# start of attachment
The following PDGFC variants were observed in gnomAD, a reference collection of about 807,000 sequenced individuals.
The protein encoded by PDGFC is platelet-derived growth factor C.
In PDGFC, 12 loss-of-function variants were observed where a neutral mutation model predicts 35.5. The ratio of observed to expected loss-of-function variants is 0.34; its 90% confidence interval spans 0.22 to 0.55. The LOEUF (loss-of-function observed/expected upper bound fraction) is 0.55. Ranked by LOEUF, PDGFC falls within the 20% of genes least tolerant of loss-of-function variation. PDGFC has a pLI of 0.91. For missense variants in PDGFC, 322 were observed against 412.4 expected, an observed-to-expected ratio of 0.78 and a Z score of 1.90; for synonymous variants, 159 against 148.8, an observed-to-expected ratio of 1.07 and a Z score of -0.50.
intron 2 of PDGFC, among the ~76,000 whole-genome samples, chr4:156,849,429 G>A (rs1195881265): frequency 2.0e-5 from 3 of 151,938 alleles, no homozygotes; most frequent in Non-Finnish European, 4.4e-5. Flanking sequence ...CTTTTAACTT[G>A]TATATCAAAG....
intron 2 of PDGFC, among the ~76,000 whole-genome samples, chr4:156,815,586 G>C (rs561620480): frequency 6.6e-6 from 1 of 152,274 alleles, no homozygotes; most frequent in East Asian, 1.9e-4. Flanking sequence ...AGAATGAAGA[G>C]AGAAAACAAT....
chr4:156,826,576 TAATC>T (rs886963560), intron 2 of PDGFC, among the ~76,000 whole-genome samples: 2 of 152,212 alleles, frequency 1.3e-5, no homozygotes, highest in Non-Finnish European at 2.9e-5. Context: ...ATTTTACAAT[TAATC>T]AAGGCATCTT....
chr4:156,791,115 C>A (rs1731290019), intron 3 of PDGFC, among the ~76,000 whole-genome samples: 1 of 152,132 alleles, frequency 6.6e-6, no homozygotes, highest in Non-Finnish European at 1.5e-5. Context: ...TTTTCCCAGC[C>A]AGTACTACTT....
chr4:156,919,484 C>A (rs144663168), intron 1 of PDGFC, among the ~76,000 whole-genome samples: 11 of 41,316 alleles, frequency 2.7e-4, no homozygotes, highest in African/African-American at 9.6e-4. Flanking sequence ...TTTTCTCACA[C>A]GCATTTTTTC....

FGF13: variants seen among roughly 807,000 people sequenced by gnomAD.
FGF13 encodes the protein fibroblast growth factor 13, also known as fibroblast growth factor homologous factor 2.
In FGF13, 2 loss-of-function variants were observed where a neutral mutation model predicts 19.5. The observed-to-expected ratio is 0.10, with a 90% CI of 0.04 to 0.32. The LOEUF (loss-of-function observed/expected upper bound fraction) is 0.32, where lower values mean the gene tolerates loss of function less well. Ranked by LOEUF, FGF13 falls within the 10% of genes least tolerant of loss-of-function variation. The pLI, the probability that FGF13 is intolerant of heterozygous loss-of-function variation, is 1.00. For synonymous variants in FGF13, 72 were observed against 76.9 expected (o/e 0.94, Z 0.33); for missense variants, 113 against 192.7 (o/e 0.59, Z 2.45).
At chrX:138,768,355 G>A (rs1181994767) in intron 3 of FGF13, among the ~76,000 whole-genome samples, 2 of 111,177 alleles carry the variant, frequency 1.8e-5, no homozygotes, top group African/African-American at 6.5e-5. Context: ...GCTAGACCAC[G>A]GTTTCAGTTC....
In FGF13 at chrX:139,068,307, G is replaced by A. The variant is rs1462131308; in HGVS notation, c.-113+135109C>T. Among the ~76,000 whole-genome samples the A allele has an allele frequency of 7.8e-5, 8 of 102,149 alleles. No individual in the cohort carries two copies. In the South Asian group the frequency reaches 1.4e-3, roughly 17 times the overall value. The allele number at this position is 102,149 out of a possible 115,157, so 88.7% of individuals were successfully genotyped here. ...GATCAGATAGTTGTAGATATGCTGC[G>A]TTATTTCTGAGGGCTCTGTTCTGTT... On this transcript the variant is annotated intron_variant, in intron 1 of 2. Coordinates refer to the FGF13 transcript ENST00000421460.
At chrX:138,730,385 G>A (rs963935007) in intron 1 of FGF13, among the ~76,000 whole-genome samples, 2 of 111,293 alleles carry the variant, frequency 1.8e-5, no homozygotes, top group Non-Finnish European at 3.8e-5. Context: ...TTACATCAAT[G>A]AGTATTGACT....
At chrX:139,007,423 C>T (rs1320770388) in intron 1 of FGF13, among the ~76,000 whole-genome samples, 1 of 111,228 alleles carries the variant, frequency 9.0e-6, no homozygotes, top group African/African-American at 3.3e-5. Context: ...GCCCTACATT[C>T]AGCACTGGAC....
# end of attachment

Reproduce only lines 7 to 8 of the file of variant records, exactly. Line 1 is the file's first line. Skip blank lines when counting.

chr4:156,791,115 C>A (rs1731290019), intron 3 of PDGFC, among the ~76,000 whole-genome samples: 1 of 152,132 alleles, frequency 6.6e-6, no homozygotes, highest in Non-Finnish European at 1.5e-5. Context: ...TTTTCCCAGC[C>A]AGTACTACTT....
chr4:156,919,484 C>A (rs144663168), intron 1 of PDGFC, among the ~76,000 whole-genome samples: 11 of 41,316 alleles, frequency 2.7e-4, no homozygotes, highest in African/African-American at 9.6e-4. Flanking sequence ...TTTTCTCACA[C>A]GCATTTTTTC....